Stimulus salience refers to bottom-up factors that determine and attract attention to elements or objects in a scene. The term salient, itself, means to be noticeable or stand out. Salient features are physical properties and can include things like color, movement, and pitch. Attentional capture is when attention due to stimulus salience causes an involuntary shift of attention. For example, advertisers may use attentional capture as a marketing strategy on websites by placing flashing ads for a product on the side of the news article you are attempting to read. It is difficult to attend to plain news text when there is a flashing advertisement in your field of vision.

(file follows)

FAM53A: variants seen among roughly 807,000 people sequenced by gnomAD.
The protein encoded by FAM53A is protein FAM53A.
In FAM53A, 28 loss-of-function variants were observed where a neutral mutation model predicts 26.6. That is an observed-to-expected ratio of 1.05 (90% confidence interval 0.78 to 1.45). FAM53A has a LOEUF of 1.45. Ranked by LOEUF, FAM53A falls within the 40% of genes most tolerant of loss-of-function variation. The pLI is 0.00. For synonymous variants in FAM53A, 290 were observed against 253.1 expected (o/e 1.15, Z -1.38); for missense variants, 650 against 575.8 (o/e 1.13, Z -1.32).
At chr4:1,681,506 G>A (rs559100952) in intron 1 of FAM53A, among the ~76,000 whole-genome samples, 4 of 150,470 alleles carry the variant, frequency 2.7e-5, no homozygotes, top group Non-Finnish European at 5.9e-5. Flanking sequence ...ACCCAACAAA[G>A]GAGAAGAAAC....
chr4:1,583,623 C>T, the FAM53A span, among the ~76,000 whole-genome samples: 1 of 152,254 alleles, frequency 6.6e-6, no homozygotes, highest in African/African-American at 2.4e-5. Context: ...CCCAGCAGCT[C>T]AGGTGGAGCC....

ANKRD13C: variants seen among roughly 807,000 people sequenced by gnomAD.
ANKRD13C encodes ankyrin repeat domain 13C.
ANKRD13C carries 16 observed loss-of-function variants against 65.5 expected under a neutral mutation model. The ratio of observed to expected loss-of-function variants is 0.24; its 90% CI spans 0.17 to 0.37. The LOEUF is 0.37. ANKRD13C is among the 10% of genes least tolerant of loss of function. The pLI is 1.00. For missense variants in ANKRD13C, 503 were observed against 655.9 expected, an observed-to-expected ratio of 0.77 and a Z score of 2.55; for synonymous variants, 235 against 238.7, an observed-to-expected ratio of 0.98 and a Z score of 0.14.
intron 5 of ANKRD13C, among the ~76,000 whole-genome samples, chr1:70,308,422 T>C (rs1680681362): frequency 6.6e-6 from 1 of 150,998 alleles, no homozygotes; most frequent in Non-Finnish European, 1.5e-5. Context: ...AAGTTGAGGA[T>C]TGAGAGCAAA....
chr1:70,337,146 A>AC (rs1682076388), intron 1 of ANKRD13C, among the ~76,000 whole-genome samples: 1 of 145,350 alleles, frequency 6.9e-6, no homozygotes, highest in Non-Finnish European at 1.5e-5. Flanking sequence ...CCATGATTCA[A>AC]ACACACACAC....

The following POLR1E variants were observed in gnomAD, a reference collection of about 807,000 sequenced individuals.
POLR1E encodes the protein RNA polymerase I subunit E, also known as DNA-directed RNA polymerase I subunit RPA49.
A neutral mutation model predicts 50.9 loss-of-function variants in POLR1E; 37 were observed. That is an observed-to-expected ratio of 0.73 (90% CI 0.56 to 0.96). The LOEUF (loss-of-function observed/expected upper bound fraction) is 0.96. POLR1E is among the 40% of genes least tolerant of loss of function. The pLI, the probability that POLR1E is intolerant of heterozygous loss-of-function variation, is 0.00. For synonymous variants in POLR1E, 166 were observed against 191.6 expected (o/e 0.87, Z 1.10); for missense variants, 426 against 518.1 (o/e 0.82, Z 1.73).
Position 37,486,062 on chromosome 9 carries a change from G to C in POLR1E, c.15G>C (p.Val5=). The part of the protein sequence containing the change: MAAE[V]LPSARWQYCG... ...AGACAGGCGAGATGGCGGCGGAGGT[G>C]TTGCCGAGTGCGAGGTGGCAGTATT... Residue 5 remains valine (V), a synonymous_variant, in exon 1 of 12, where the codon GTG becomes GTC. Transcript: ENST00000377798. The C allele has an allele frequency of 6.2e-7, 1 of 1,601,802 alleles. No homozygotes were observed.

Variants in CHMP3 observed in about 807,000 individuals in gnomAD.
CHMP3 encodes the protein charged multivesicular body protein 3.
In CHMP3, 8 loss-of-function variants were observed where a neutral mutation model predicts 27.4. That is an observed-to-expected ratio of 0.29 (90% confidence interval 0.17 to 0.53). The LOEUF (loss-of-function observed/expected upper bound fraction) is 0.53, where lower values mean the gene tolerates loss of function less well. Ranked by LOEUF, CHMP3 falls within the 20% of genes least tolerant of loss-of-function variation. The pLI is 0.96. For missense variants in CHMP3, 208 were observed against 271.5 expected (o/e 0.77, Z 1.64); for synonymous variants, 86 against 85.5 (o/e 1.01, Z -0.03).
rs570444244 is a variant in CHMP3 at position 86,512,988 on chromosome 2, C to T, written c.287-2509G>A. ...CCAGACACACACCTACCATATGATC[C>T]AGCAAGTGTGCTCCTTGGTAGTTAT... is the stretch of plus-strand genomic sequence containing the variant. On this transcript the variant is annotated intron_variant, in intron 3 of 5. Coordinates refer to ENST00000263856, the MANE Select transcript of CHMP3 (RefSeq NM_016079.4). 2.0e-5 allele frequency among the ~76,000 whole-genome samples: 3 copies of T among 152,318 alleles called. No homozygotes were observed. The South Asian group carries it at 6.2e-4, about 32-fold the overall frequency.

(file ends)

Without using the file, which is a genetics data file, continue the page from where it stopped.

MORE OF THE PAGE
Parkhurst, D., Law, K., & Niebur, E. (2002). Modeling the role of salience in the allocation of overt visual attention. Vision research42(1), 107-123.

Simola, J., Kuisma, J., Öörni, A., Uusitalo, L., & Hyönä, J. (2011). The impact of salient advertisements on reading and attention on web pages. Journal of Experimental Psychology: Applied17(2), 174

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